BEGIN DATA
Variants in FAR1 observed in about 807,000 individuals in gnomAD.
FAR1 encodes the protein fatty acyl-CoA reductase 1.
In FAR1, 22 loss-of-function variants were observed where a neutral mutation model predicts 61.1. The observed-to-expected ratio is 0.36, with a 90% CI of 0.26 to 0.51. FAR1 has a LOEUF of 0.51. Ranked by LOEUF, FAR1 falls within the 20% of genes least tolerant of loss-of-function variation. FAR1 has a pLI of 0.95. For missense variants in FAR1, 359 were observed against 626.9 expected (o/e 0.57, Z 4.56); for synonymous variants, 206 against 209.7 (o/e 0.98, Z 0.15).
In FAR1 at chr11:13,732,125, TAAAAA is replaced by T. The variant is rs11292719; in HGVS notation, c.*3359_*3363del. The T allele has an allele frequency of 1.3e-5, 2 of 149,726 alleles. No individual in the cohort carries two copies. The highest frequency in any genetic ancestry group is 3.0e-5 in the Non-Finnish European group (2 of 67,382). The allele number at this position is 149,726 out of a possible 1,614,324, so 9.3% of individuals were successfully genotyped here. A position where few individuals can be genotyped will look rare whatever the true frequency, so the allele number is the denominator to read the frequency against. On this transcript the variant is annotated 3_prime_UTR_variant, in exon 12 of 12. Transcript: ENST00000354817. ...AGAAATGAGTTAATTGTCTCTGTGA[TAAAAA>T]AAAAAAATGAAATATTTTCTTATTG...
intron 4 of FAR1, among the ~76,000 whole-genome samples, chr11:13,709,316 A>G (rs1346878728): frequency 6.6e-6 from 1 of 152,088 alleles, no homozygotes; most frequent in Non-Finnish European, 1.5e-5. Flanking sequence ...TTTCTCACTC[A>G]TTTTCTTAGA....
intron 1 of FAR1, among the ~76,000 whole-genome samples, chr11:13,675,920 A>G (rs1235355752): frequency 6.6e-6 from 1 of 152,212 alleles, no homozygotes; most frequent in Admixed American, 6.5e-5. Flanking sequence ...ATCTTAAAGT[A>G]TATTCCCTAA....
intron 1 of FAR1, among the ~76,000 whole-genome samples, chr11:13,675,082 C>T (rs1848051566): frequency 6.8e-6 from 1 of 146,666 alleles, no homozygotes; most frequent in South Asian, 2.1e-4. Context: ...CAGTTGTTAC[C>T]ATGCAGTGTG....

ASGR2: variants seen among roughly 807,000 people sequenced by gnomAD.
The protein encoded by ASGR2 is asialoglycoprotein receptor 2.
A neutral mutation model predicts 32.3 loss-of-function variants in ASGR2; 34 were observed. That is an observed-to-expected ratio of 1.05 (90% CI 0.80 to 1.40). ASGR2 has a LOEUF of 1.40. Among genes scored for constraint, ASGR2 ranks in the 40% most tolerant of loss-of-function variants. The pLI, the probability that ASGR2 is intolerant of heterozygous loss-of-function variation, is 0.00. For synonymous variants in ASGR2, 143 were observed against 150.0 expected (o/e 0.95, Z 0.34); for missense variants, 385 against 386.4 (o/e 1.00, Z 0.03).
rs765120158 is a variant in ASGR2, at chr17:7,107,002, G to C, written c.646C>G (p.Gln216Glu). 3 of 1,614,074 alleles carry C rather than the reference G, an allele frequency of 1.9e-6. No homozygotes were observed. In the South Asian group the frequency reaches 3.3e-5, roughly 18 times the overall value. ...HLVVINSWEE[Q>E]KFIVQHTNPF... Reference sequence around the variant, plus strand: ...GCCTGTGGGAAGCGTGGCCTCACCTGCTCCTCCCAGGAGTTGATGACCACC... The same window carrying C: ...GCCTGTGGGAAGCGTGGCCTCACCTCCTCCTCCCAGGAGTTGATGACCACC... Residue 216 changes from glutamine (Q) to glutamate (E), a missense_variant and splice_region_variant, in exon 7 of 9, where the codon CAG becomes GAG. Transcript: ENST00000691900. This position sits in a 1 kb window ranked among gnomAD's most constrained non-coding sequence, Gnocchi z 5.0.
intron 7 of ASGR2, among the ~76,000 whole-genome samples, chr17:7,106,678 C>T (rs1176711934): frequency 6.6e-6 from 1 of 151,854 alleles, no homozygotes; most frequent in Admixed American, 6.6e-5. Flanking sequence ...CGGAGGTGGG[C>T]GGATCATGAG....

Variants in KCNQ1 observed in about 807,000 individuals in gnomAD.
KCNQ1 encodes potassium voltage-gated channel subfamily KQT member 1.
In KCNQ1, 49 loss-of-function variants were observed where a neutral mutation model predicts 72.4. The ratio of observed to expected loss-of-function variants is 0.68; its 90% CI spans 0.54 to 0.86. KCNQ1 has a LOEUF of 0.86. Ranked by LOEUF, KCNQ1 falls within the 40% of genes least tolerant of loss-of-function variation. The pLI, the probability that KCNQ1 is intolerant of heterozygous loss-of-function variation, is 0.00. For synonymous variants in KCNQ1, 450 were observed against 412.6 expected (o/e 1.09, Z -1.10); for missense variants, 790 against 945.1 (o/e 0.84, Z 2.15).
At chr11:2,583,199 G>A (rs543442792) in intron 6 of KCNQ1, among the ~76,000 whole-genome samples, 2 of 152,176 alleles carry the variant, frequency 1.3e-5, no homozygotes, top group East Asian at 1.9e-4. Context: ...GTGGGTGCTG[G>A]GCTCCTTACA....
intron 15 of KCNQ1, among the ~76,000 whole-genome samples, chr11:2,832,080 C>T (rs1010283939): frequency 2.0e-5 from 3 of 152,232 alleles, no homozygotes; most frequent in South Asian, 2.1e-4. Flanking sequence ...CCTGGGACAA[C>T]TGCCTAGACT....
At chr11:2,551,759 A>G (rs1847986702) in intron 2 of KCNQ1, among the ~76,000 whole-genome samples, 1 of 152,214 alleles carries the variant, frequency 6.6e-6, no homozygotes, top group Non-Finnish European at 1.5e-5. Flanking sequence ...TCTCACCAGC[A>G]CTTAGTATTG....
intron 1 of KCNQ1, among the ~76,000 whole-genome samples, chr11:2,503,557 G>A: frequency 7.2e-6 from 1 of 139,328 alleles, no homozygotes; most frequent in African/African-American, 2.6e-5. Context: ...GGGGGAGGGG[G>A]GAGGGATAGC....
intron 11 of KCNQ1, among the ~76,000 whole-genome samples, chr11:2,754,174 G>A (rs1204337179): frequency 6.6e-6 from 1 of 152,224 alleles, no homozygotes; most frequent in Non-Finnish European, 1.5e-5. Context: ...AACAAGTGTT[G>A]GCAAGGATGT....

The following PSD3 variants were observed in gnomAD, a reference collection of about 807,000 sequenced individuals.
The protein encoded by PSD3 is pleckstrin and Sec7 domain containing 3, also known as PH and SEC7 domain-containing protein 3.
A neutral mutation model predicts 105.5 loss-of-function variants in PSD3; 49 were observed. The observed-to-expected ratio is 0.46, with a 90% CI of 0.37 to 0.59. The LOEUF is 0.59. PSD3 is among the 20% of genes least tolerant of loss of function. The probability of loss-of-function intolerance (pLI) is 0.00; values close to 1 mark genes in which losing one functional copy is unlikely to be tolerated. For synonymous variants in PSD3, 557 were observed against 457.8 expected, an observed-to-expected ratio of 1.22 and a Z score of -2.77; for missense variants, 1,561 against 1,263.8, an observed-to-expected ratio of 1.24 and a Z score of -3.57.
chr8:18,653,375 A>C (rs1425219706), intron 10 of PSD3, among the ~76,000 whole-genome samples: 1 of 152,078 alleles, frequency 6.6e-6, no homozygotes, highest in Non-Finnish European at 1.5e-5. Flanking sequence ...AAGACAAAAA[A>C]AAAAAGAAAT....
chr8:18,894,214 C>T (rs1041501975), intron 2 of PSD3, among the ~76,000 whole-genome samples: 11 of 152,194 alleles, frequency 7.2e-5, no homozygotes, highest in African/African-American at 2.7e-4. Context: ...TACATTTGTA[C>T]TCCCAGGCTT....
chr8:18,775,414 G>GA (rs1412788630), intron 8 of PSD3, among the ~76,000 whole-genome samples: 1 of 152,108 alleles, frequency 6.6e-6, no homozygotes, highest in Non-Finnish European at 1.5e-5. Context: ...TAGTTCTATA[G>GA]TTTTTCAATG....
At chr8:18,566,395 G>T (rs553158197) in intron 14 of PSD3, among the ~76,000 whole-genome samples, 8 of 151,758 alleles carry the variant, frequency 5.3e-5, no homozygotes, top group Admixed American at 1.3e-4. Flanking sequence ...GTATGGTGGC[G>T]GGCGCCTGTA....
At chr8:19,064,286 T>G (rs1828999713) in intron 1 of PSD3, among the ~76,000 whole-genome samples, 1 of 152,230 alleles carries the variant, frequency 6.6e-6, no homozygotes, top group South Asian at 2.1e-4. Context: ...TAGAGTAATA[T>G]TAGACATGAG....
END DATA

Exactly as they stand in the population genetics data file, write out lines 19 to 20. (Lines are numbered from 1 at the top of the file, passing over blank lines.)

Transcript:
intron 1 of KCNQ1, among the ~76,000 whole-genome samples, chr11:2,503,557 G>A: frequency 7.2e-6 from 1 of 139,328 alleles, no homozygotes; most frequent in African/African-American, 2.6e-5. Context: ...GGGGGAGGGG[G>A]GAGGGATAGC....
intron 11 of KCNQ1, among the ~76,000 whole-genome samples, chr11:2,754,174 G>A (rs1204337179): frequency 6.6e-6 from 1 of 152,224 alleles, no homozygotes; most frequent in Non-Finnish European, 1.5e-5. Context: ...AACAAGTGTT[G>A]GCAAGGATGT....